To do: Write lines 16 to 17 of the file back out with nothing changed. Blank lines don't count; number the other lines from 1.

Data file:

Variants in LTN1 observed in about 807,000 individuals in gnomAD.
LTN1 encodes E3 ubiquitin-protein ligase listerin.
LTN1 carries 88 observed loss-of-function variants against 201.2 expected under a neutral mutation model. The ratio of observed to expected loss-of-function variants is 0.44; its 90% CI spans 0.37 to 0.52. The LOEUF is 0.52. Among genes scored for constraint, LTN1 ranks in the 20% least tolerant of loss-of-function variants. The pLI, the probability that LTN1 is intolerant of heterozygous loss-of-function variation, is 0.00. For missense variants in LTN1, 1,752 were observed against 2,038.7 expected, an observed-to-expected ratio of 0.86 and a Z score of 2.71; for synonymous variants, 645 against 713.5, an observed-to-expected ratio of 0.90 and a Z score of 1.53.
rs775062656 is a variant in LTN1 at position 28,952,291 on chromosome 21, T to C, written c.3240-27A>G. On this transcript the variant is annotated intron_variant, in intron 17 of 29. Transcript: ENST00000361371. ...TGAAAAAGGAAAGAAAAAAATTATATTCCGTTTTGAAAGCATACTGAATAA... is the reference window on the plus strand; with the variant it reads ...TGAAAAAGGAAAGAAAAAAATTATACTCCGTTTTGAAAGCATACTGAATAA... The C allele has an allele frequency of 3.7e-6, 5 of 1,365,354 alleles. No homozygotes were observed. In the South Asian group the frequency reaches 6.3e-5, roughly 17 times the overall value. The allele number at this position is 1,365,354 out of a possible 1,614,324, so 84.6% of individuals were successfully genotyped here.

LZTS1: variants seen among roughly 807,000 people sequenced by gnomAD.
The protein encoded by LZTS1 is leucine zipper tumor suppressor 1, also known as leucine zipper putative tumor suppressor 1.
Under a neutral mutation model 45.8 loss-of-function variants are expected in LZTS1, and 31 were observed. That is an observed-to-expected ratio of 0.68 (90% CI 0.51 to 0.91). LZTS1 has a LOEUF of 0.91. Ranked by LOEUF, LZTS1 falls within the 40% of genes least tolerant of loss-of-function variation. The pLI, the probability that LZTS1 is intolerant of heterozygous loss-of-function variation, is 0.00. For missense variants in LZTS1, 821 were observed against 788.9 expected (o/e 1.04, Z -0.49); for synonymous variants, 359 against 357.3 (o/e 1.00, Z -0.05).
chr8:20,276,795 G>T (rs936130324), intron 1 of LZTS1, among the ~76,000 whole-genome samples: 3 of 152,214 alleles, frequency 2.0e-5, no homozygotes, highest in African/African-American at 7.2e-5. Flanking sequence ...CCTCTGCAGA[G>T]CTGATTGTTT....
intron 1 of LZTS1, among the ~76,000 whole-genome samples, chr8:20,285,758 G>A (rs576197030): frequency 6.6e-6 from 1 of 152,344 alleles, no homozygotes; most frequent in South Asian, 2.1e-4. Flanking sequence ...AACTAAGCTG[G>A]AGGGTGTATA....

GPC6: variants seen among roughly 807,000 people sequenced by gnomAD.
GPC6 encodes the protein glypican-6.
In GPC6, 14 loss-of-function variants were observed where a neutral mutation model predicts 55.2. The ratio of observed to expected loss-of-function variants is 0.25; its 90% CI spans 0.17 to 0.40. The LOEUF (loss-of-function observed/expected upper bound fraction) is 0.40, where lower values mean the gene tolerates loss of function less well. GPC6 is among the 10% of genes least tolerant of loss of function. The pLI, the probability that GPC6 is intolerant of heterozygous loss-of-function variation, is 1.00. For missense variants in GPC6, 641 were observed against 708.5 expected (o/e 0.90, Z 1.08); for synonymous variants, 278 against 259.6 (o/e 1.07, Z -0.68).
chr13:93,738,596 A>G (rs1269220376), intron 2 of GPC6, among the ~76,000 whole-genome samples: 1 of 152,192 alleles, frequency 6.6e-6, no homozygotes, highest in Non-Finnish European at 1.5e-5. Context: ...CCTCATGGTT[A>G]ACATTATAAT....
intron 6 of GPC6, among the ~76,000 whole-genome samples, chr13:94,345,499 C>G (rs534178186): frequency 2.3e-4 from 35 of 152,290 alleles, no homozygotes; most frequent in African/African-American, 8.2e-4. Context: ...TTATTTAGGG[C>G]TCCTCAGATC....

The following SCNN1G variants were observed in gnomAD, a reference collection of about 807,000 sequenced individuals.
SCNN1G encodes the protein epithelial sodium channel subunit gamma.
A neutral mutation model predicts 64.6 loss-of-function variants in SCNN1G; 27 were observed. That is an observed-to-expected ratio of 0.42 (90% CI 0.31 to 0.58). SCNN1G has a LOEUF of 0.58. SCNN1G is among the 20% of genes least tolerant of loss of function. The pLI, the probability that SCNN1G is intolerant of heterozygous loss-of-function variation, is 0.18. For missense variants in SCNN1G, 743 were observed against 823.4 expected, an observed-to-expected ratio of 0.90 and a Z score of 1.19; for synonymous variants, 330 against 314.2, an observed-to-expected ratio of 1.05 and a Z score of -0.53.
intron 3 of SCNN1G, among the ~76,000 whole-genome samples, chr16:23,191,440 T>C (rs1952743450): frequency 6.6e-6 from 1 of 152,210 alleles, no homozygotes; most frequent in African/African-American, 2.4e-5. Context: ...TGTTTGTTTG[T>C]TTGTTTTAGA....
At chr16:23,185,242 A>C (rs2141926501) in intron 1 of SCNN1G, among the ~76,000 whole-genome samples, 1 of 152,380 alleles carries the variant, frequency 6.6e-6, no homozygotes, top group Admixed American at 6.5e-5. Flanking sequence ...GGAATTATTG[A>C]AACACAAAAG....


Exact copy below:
SCNN1G encodes the protein epithelial sodium channel subunit gamma.
A neutral mutation model predicts 64.6 loss-of-function variants in SCNN1G; 27 were observed. That is an observed-to-expected ratio of 0.42 (90% CI 0.31 to 0.58). SCNN1G has a LOEUF of 0.58. SCNN1G is among the 20% of genes least tolerant of loss of function. The pLI, the probability that SCNN1G is intolerant of heterozygous loss-of-function variation, is 0.18. For missense variants in SCNN1G, 743 were observed against 823.4 expected, an observed-to-expected ratio of 0.90 and a Z score of 1.19; for synonymous variants, 330 against 314.2, an observed-to-expected ratio of 1.05 and a Z score of -0.53.